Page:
However, with a camera, there are a number of practical problems. Because the screen 110 must be transparent to light, the amount of ambient or background light outside the PTV enclosure can overwhelm the response level of the camera's sensors. In fact, the amount of ambient light is much larger than the amount of light reflected back to the camera 160 from the CRTs 120. Thus, the signal-to-noise ratio is quite low.

This can be corrected by using a shorter exposure in a situations where the room is brightly lit. However, if the exposure is less than 1/60th of a second, i.e., the frame rate of the CRTs, only a partial image is traced out by the scanning electron beam. This means that several successive input images 161 have to composited together as a mosaic to obtain an image of the entire calibration pattern. However, this can be used as an advantage because the partial images have ‘unscanned’ portion, which is all background light, which can be subtracted out to improve the SNR.

The ambient light can include spot-light effects from floor, wall, or directed ceiling lamps. This causes large variations in the detected light requiring compensation.

As shown in FIGS. 10A-10B, the effects of ambient light can be cancelled by using calibration patterns in the form of positive and negative images, i.e., by inverting the grayscale relationships in successive pairs of calibration images. In this case, during the analysis, the negative image is subtracted from the positive image and any constant ambient light effect is cancelled, leaving only the modulation that is measured.

In addition, most PTVs include screen components that are designed to improve viewing angle and clarity from the outside, These components can include various combinations of bulk diffusers, surface diffusers, beads, Fresnel and lenticular lenses, prisms, diffraction gratings, polarizers, and so forth. These components cause localized artifacts in the input images back-scattered from the rear of the screen. One can delete or compensate for these artifacts.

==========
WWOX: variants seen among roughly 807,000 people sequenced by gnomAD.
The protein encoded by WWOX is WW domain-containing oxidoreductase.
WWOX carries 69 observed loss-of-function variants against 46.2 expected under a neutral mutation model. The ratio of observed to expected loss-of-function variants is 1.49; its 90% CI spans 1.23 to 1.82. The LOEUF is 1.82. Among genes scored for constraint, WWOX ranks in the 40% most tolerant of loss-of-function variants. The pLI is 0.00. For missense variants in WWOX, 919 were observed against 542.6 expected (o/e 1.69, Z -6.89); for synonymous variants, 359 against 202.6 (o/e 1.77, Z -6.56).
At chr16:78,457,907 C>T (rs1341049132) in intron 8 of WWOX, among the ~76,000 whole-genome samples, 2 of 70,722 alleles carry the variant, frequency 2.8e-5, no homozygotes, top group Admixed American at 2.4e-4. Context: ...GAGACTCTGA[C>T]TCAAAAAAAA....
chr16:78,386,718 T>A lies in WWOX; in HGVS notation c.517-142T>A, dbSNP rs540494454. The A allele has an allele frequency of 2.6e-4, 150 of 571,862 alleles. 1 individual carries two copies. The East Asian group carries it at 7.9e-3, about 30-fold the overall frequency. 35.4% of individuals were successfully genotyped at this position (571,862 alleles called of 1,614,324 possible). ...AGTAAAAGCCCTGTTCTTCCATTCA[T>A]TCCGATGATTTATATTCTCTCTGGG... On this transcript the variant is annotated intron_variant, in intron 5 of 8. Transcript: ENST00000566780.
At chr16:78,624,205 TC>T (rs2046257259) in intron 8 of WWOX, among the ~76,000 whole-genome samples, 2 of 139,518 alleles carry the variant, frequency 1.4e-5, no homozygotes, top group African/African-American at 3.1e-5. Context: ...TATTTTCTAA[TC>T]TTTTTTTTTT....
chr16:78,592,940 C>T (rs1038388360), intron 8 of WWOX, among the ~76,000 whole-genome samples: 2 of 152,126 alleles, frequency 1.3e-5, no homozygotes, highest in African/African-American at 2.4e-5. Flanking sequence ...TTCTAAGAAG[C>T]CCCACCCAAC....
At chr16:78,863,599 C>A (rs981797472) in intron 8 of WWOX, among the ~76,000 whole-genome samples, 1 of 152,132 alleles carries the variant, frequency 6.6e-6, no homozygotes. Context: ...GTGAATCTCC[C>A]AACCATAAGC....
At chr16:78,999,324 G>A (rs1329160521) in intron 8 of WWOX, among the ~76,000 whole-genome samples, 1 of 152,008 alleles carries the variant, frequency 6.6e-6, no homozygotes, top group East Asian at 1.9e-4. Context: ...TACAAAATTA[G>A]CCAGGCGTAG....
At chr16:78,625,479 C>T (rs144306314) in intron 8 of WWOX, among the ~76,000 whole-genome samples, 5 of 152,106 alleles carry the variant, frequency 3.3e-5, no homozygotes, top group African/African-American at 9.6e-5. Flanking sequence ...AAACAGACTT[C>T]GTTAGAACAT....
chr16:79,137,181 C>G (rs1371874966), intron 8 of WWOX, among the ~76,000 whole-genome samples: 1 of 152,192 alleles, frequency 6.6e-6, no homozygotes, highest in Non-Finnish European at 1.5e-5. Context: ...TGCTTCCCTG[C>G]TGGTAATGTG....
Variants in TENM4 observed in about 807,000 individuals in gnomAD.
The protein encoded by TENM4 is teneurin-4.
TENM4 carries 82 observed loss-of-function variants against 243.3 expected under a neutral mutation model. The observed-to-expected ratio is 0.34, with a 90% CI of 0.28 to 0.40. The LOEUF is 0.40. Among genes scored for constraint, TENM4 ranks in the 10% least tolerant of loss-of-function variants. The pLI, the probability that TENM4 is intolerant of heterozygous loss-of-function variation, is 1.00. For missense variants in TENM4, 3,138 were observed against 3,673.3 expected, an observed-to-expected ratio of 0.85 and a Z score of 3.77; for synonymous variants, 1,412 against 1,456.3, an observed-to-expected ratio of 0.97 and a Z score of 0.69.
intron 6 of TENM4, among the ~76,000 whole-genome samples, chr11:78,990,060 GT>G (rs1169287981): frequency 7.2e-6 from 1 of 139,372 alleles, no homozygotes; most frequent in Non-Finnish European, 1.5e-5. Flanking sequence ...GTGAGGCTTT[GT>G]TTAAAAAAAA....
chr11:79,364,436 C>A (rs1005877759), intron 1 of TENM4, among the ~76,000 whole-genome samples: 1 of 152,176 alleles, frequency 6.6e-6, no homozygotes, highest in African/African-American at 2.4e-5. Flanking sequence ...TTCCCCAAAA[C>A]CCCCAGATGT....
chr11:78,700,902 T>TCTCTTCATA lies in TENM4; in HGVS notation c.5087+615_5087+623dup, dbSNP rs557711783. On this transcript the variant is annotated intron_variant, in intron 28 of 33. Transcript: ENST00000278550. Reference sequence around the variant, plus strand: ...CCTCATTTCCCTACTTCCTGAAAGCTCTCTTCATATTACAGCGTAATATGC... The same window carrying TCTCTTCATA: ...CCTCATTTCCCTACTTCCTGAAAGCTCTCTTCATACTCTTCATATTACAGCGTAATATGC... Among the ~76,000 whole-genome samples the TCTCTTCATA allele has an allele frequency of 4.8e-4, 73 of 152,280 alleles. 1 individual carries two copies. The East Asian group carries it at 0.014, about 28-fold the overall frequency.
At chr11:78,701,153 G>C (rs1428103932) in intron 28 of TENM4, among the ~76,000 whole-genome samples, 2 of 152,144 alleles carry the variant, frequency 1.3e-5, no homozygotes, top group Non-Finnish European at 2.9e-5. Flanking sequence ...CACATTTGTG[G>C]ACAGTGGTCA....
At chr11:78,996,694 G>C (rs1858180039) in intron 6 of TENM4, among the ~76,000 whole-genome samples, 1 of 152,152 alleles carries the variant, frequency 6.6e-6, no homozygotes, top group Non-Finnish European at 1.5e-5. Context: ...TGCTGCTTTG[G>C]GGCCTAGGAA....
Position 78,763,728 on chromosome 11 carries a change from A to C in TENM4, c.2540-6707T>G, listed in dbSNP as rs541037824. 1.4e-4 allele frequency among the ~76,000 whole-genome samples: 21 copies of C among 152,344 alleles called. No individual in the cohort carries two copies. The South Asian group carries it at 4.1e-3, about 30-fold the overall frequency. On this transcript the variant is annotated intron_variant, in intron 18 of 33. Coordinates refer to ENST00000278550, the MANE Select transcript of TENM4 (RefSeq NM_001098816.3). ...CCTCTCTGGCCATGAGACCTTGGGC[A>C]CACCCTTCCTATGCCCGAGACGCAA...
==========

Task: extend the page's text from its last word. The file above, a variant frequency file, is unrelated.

To minimize the increase in cost, it is desired to use an inexpensive camera, e.g., less than $20. Such cameras are available. However, such cameras have a large radial distortion, and low resolution. In fact, the resolution is substantially lower than the pixel resolution of the CRTs, Yet, it is desired to use an uncalibrated camera, and resolve the resolution of the distortion to a sub-pixel level.

Therefore, we project predetermined calibration patterns 180. For example, the calibration pattern is a checkerboard pattern with N×M black and solid color rectangles. FIGS. 9A-9E show some example multi-resolution patterns. The corner 900 of the pattern of FIG. 9A can be used to quickly locate the center of the screen 110 and perform an initial correction. Each successive pattern refines the correction to a greater resolution. It should be noted that under reasonable lighting conditions, the single high resolution pattern of FIG. 9E may suffice.